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With practice, patience, and some good old medical books for reference, I was ready to tackle this sfx makeup technique

Recently I’ve been trying new techniques to better my SFX skills. After watching a dozen or so tutorials on YouTube, I had a fresh approach to SFX and a head full of ideas. For this piece, I wanted to achieve a more realistic look, as I tend to stray towards theatrical makeup! I aimed to create a fleshy texture inside the wound and color match the outside with my own skin. Sounds intimidating at first, but with practice, patience and some medical books for reference I was set to go. In this week’s piece, I’ll show you how I made this realistic fleshy wound with some of the best techniques I’ve found so far.

For this sfx makeup  look you’ll need:

  • Nose and Scar Wax
  • Vaseline
  • Metal sculpting tool and spatula
  • Spirit gum
  • 99% alcohol
  • Small paint brushes/makeup brushes
  • Face powder
  • Bruise wheel
  • Fake blood
  • Tissues
  • Foundation

Step 1:

Apply a good coating of spirit gum to your forearm, and whilst this is drying scoop out some scar wax and roll into a ball with your hands. When the spirit gum is tacky, flatten the scar wax with your fingers and press onto the area. Begin to smooth this out into your skin with your finger tips or metal spatula, use Vaseline to help blend. Your layer of wax should be as thin as possible for the most realistic result!

Step 2:

Use face powder over the area to remove any shine. Now, using your metal sculpting tools or spatula, dip the end in Vaseline and cut a shape into the wax. This can be any shape you want, but for something realistic use some images for reference, if you can stomach looking at real wounds! Don’t pull up all the wax, but rather pick at it with a metal tool to create texture, this is great fun, so play around with it until you get some nice lumps and dips in the wax. (If your wax pulls up in one like mine did, just apply some more in the centre, smooth it out and being to hack at it).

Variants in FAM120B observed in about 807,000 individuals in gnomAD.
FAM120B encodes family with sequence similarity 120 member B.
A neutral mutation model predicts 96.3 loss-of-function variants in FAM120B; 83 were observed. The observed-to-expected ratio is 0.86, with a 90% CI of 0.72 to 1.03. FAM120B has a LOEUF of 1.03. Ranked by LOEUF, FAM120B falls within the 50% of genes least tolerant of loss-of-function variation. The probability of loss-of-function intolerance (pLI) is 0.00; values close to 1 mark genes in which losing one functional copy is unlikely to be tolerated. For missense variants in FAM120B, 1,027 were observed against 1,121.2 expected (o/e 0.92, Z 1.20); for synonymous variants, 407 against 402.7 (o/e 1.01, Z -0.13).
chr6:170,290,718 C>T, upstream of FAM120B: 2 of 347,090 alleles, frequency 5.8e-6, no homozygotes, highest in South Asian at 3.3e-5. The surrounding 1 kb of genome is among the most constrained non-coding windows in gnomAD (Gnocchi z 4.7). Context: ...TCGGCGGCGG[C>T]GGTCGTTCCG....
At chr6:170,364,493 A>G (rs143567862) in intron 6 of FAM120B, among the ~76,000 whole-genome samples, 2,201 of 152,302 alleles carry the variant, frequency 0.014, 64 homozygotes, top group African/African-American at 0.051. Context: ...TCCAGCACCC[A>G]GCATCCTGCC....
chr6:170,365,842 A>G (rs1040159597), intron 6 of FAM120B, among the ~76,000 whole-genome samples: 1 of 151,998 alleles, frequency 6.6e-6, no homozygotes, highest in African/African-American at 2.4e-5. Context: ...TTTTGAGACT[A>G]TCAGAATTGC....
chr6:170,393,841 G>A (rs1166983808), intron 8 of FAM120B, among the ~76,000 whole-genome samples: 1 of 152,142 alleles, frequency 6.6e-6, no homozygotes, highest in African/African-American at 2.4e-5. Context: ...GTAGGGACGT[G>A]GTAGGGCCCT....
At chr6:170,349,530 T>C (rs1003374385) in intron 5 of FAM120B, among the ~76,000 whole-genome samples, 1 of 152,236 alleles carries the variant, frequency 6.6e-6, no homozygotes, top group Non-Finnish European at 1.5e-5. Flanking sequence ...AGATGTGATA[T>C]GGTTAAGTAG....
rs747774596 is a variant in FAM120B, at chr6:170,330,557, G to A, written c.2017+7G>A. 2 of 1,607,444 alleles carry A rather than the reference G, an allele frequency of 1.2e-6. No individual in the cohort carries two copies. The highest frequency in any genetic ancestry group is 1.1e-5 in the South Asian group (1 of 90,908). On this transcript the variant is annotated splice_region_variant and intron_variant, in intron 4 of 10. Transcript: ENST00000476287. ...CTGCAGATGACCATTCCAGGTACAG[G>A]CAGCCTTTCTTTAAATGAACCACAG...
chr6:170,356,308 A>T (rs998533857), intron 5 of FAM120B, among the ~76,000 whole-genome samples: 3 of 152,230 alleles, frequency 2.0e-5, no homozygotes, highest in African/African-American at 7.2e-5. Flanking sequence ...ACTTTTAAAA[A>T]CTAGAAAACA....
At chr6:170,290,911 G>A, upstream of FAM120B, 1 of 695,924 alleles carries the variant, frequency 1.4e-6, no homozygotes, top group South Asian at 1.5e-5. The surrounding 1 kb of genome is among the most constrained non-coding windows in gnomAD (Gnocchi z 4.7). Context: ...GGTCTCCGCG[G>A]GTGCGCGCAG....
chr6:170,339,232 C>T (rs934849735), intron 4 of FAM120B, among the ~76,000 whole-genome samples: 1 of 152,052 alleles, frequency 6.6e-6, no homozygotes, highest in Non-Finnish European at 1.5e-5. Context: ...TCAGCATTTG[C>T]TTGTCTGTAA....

Step 3:

Now comes the tricky part – color matching. A tip I picked up was to add some 99% alcohol to foundation, as this will remove most of the shine from the foundation and allow for an even covering rather than dumping loads onto the wax. You can either use a makeup brush and dab around the area, or using a brush, use your thumb to flick the foundation around the area (the splatter effect will look a lot more like natural skin, you can even some other colors like red and brown to mimic the natural pigments in the skin!).

Step 4:

My favorite part in every SFX look has got to be painting the inside of the wound. It really transforms the piece and allows you to add depth and texture to the piece. I used my Kryolan bruise wheel for this, and I added 99% alcohol to the red and painted the entirety of the wound. Then, using the dark brown color (again with 99% alcohol added) painted the dips of the wax and on some of the lumps.

Step 5:

It’s about bloody time! (Get it, because we’re about to add fake blood). Using a makeup brush, paint the inside of the wound and allow this to pool in the dips. The hardest part about creating a realistic wound is knowing where to place the blood, especially depending on the age of the wound you’re going for. I wanted a fresh wound, still leaking with blood, but that had been mopped up a few times. I used a tissue and dipped into the fake blood and dabbed around the surrounding area. Using another tissue, I cleaned some of this up and then placed a single drip of blood for that leaking effect.

I love playing with new techniques when it comes to SFX. Platforms like YouTube and Instagram allow artists to swap tricks and ideas with one another, bettering each other in this truly unique art form. Whilst there’s nothing wrong with theatrical SFX, it’s good to stray outside the box and create something eerily real to really hound in your technique. If you re-create this look, be sure to use #SFXSaturdays to let me see your gory handiwork!

Until next time, stay scary!


Try other great sfx makeup looks:

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